I just moved here, and I don't wanna live here anymore. Hearing Jason Lytle's wonderfully distracted, broken voice is something of a nostalgia trip in itself. The most easily reached-for comparison is the technically awful but emotionally brilliant falsetto of Wayne Coyne; but these days Coyne dwells almost exclusively in nonsense or stoner bro "dude… what if"s. The resonance of Lytle's vocals skews closer to that of early Isaac Brock or even Doug Martsch: a human personification of the flat landscapes, disappointment and sheer existential boredom of the American lonesome crowded west.
Some Grandaddy songs are about technology. Nearly all of them are about junk: Alcoholic robots and broken household appliances outlive their usefulness and are left to rust. But the same basic fate awaits lost kittens, lonely spacemen, forlorn miners, and hollowed-out cities of rural California, eulogized by a band whose fuzz pedals, analog synths, and withered harmonies always sound like they're about to give out.
Jason Lytle's two solo records rarely strayed too far from the template he'd perfected as Grandaddy frontman -synth-infused symphonic indie shot through with a nagging sense of unease - so the band's first album in 11 years seems like a seamless continuation. Jed the 4th is a sequel to 2000's heartbreaking Jed the Humanoid, and familiar themes of loss and loneliness recur throughout, most notably on the bleakly beautiful This Is the Part and I Don't Wanna Live Here Anymore (the latter an autobiographical take on Lytle's relocation from Montana to Oregon). Ultimately, though, for all its emotional tug, Last Place is solid rather than spectacular, with nothing quite matching the peaks of their first two albums.
After years of struggling, working in sewage treatment plants and recording out of self-built studios; in 2006 - citing the financial difficulties of supporting a large band as well as internal squabbling and life on the road taking its toll - Grandaddy gave up the ghost. Now, over a decade later, frontman Jason Lytle has brought them back from the dead. After years spent moving all over America, writing alone and connecting with the 'real world', Jason found he'd accidentally begun writing songs that could only be for Grandaddy.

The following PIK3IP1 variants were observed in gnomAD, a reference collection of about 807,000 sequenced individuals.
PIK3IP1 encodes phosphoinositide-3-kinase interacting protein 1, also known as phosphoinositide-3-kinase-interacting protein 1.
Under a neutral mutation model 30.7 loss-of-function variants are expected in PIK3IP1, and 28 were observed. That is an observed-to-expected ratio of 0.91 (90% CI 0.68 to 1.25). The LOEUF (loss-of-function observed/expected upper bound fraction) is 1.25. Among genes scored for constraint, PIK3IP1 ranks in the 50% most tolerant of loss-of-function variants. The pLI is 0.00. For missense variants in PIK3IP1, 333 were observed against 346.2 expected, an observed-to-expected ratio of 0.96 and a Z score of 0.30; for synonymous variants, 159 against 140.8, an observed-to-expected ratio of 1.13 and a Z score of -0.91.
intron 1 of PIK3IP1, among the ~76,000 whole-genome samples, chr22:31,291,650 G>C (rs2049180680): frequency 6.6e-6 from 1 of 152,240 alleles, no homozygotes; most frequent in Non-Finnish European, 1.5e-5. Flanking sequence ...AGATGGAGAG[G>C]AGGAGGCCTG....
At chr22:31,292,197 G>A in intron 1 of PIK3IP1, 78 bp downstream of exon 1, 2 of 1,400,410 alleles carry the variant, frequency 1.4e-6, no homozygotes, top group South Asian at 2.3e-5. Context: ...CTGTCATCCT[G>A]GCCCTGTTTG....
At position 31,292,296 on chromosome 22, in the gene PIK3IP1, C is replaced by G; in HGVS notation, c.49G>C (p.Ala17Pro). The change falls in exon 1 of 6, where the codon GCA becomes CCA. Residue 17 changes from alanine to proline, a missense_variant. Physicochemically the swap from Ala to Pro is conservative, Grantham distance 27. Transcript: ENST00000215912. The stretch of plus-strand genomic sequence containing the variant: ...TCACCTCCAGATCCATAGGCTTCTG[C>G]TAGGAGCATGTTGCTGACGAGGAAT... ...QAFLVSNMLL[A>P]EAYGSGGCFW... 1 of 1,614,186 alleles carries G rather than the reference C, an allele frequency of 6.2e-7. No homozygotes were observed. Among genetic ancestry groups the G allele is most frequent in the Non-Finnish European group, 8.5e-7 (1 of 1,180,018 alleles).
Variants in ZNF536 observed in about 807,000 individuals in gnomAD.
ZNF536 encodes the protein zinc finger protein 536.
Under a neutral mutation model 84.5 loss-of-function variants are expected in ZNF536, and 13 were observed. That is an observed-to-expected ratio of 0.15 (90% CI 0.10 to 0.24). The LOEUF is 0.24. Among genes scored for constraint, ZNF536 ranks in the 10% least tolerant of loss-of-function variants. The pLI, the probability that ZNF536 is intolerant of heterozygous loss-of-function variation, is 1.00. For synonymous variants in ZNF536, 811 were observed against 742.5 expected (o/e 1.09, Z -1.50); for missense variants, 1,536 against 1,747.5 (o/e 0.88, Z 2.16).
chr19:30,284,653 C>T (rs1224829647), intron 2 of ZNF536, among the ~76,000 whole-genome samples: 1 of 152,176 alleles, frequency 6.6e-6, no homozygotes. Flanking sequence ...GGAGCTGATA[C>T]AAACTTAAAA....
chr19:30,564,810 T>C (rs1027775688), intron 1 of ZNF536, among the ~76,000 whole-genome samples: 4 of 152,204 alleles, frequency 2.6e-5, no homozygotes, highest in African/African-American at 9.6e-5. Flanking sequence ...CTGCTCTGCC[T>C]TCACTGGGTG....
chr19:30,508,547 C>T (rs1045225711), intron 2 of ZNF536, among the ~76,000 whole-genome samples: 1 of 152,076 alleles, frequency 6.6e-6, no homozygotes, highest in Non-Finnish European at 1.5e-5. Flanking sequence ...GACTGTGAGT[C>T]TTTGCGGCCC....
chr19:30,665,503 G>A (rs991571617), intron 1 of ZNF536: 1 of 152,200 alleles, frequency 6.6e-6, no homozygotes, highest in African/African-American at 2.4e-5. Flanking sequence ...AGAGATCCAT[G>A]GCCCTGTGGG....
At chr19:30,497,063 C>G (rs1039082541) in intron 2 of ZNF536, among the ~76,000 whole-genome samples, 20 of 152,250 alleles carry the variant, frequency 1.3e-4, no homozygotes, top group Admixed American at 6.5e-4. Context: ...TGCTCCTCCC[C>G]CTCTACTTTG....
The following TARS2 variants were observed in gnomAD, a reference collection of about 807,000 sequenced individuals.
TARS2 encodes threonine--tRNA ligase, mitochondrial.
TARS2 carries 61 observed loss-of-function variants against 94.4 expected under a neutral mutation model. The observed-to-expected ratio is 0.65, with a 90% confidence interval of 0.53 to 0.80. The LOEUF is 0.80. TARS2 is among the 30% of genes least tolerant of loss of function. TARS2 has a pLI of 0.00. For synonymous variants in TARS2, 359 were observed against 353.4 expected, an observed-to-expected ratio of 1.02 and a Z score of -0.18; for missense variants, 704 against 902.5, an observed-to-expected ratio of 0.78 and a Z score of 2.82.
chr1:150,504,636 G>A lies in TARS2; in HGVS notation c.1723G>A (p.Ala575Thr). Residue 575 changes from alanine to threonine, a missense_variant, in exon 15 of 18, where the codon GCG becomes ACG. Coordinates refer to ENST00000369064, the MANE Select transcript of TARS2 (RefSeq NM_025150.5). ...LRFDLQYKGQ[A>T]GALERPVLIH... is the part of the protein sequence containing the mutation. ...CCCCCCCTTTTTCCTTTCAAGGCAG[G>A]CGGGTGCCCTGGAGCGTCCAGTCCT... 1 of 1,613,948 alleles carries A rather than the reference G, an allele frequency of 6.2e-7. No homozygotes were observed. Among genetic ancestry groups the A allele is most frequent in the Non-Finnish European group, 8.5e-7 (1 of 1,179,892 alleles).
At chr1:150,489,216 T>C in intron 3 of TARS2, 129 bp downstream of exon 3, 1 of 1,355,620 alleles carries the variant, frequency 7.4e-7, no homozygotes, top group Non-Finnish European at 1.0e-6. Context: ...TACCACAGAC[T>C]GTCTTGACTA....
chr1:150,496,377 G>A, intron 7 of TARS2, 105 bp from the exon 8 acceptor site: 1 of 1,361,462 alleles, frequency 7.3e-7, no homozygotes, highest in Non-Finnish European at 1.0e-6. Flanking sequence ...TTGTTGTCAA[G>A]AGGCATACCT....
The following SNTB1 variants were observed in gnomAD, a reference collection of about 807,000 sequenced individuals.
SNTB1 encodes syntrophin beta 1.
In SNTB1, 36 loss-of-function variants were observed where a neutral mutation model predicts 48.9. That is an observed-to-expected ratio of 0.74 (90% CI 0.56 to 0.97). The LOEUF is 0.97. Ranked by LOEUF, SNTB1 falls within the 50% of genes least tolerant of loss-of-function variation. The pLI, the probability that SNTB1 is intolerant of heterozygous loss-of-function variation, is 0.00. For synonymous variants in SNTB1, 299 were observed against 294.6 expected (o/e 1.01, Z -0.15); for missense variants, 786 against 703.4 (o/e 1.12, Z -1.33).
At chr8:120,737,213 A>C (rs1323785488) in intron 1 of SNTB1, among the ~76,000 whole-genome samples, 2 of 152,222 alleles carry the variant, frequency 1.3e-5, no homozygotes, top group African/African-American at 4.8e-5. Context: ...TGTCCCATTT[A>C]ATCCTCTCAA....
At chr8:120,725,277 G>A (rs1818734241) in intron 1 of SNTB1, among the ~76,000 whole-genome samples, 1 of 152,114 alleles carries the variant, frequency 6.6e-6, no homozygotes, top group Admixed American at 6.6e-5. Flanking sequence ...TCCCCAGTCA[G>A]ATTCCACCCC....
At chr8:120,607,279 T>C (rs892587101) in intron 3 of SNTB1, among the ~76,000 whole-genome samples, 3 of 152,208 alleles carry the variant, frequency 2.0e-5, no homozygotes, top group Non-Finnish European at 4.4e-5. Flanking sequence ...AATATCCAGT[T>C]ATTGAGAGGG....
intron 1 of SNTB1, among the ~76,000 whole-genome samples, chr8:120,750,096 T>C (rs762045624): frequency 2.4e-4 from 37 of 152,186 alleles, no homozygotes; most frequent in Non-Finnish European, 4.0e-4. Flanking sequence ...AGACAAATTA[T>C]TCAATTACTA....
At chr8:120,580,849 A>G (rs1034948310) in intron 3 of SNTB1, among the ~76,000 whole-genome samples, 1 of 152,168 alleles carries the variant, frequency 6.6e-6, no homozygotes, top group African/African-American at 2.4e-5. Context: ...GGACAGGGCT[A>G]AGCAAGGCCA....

Much to the delight of sensitive slackers everywhere, synth-rockers Grandaddy are back from the dead with Last Place, their first record since 2006. Most of us just assumed that frontman Jason Lytle had shuffled off into the forest to live out his days amongst the broken household appliances he prophesied on the 2000 classic The Sophtware Slump, but 11 years later, Grandaddy show no signs of rust after the lengthy hiatus. In fact, Last Place is a solid record that maybe sounds a little too much like the old Grandaddy.
Last fall a decade long hibernation was woken with “The Way We Won’t” the first new song in over ten years from the indie pop legends Grandaddy. There have been a lot of band reunions. We are almost out of options. Most of them turn out somewhat like the Guns ‘n Roses reunion, playing classics to huge crowds of the same fans as when you last played.
Grandaddy have always felt like a band out of time, a group that's slipped backwards to those moments when rock music wasn't all bombast, auto-tune, and lo-fi "authenticity". Instead, the songs float amidst dense production and lyrical pathos in search of an intersection of melancholy and memorable, catchy hook. Continuing that hunt with Last Place, bandleader Jason Lytle, a decade after releasing Just Like the Fambly Cat, moved back to his native Northern California and reassembled the band for another outing.
When they first emerged in the late '90s, Jason Lytle and chums were occasionally seen by the press as poor cousins of the Flaming Lips. It was a lazy comparison. While Coyne and Co are a technicolour sci-fi party band, Grandaddy were more tattered and forlorn. Lyrically, Lytle's songs are obsessed with the intersection between mankind and technology, the impact we leave on the natural world and the derelict spaces that out-of-luck chauffeurs, wives of farmers and sad robots might someday colonise.